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My child is starting school: what is the best way of getting there?

My child is starting school: what´s the best way of getting there?


It´s back to school time again, which forces families to take all kinds of things into consideration: textbooks, uniforms, new timetables and new routines to keep everyone on their toes.

One of the most important aspects of the new school year is transport and everything that this entails.


There are various options for getting to school every morning: on the school bus, in your own car, on foot... and the safety factors of each of them are inextricably linked to information and education.

Summed up below are the basic road safety regulations to ensure your child´s journey to school is as safe as possible.


According to the Spanish Directorate General for Traffic (DGT), the school bus is the safest means of transport and the most widely used option by schoolchildren in Spain. Their regulations reflect many of the aspects related to vehicle maintenance as well as specific route-related matters.

The regulations governing school buses are very clear: they cannot be over 16 years old, they must have official school bus signage, they must have passed the mandatory vehicle inspections on the correct dates and they must have fully comprehensive insurance.

Parents and guardians should be aware that it is mandatory to have a monitor on board when more than 50% of the children are aged under 12. The monitor must wear a reflective vest and be the first person off the vehicle to check the safety of the surrounding area. This last fact is crucial and further underlines the importance of the monitor, as most accidents (90%) take place while children are getting on/off the bus.

With regard to the route, buses used for school transport also need to fulfill certain guidelines:

  • The maximum length of the journey, each way, must not exceed one hour.
  • The route and stops must have been authorized in advance.
  • The bus must always travel at a speed 10 km per hour less than the usual speed limit for the road in question.

With regard to stops, one of the biggest black spots in terms of road safety for schoolchildren, Royal Decree 443/2001 of 27 April 2001 requires the submission of a binding report issued by the relevant Traffic Authority to authorize the different routes for school buses.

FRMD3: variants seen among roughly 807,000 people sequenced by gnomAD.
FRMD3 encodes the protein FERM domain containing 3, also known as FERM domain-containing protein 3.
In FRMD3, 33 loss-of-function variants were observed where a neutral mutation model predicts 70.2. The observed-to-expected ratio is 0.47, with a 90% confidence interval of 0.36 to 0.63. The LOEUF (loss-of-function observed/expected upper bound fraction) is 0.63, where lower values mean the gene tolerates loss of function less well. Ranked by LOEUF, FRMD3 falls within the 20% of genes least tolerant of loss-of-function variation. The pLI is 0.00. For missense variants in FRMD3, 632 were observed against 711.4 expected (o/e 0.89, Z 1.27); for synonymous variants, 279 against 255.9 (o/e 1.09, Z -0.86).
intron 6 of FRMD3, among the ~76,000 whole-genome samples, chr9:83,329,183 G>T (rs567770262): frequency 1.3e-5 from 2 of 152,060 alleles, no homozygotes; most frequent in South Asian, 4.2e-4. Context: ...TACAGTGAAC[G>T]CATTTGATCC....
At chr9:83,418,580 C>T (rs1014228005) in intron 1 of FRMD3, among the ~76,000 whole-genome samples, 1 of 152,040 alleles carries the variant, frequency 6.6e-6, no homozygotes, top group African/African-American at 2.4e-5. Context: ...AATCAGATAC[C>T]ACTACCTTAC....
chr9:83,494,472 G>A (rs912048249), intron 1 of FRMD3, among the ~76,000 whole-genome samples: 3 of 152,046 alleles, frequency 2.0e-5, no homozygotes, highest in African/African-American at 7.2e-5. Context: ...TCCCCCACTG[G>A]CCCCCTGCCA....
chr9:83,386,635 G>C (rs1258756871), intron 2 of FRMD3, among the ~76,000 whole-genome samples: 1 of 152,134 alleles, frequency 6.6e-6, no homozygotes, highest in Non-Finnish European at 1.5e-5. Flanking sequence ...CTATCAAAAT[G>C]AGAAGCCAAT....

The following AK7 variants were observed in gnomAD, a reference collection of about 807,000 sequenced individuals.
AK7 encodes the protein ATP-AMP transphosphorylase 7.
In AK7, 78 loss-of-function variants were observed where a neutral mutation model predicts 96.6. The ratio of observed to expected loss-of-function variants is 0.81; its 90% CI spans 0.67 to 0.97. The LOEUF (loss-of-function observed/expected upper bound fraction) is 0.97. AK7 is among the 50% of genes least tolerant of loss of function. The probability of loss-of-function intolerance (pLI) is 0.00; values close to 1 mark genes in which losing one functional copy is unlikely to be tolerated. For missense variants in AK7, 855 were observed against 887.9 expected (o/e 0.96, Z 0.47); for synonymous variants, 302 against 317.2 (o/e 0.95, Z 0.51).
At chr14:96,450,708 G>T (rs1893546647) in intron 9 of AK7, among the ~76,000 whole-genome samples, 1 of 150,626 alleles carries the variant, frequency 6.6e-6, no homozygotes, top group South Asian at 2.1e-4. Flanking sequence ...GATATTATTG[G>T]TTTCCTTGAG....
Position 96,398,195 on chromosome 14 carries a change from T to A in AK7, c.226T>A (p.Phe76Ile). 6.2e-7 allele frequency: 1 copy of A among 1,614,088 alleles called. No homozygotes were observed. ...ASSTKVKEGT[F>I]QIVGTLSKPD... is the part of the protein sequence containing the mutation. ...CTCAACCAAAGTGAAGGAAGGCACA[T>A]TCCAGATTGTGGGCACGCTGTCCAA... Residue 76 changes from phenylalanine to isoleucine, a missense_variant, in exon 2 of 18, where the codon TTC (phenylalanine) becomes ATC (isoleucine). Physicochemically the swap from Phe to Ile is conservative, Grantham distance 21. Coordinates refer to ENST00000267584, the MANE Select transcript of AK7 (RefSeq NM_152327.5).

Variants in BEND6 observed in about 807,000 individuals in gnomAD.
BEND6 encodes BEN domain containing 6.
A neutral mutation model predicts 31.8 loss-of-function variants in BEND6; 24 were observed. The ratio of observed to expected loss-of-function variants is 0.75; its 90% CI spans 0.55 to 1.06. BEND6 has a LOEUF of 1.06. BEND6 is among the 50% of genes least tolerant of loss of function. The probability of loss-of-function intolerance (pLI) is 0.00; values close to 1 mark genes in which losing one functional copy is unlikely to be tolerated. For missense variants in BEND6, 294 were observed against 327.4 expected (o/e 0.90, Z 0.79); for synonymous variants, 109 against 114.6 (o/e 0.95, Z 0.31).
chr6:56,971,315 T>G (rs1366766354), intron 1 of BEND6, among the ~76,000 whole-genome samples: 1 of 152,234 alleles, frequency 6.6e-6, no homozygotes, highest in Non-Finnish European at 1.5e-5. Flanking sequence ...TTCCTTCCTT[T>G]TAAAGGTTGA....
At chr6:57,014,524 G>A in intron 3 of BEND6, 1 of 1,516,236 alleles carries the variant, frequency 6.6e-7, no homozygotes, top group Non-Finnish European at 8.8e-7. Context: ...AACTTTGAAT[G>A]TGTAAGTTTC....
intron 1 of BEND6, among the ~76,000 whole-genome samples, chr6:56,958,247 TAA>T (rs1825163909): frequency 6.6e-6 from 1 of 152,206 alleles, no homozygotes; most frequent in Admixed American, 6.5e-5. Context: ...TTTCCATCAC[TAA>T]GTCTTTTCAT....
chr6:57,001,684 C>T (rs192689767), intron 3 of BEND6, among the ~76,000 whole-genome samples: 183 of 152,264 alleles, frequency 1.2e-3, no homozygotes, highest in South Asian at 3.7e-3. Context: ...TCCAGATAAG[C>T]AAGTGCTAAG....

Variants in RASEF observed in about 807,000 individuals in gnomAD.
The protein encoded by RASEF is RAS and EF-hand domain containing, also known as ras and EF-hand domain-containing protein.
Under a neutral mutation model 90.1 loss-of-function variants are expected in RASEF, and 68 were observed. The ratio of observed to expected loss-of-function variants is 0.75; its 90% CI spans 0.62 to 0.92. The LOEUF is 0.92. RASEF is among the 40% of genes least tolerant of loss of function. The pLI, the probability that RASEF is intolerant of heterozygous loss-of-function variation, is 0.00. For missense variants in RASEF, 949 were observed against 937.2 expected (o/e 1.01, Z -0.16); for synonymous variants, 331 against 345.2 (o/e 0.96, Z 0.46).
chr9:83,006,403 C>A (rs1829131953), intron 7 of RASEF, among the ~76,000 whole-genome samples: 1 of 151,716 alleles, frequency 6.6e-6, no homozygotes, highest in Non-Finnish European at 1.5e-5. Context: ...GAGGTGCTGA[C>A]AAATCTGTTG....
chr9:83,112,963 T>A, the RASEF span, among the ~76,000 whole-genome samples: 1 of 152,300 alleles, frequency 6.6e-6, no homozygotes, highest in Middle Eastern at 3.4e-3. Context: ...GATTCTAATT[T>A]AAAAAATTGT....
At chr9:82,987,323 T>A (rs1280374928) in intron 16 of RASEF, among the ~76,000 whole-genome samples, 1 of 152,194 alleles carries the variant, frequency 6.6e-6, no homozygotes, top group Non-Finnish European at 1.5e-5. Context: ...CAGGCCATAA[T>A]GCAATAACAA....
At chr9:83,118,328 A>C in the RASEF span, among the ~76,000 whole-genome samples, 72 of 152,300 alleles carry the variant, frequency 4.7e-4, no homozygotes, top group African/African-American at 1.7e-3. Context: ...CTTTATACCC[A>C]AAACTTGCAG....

This report helps the authorities to decide on the most appropriate stops following a survey and analysis of their locations, and should contain the following basic information:

  • Location of the school bus stop.
  • Characteristics of the location.
  • Access to the bus stop.


The regulations for traveling to school with children in the car are the same as for any other car journey, so it´s worth reiterating them:

  • Children must be properly seated with the seat belt fastened or in the appropriate child restraint system.
  • If the child is less than 1.35 meters tall, they must be seated in a child restraint system or booster seat.
  • Fundación MAPFRE recommends that children under four years old are always seated in rear-facing child seats.


This is the most conventional way of getting to school for a fortunate few, though in this case too there are certain safety aspects to bear in mind.

A few guidelines:

  • Always cross the road on pedestrian crossings, looking carefully both ways first.
  • Never run, skip or play when crossing as you run the risk of falling over in the middle of the road.
  • If children are very young, they must hold the hand of an adult at all times.
  • Never cross between parked vehicles on the street. This reduces your field of vision.
  • On the pavement, always walk on the inner side and pay close attention when passing garage openings.
  • If you have to walk along the edge of the road, always walk on the left-hand side so you are facing oncoming vehicles.


The school bus is considered to be the safest option as there are certain professional requirements and regulations that cover every possible safety aspect.

This does not necessarily mean that the other modes of transport are less safe.

As mentioned earlier, with the necessary education and awareness, any form of getting to school can be safe.

A happy back-to-school to you all!

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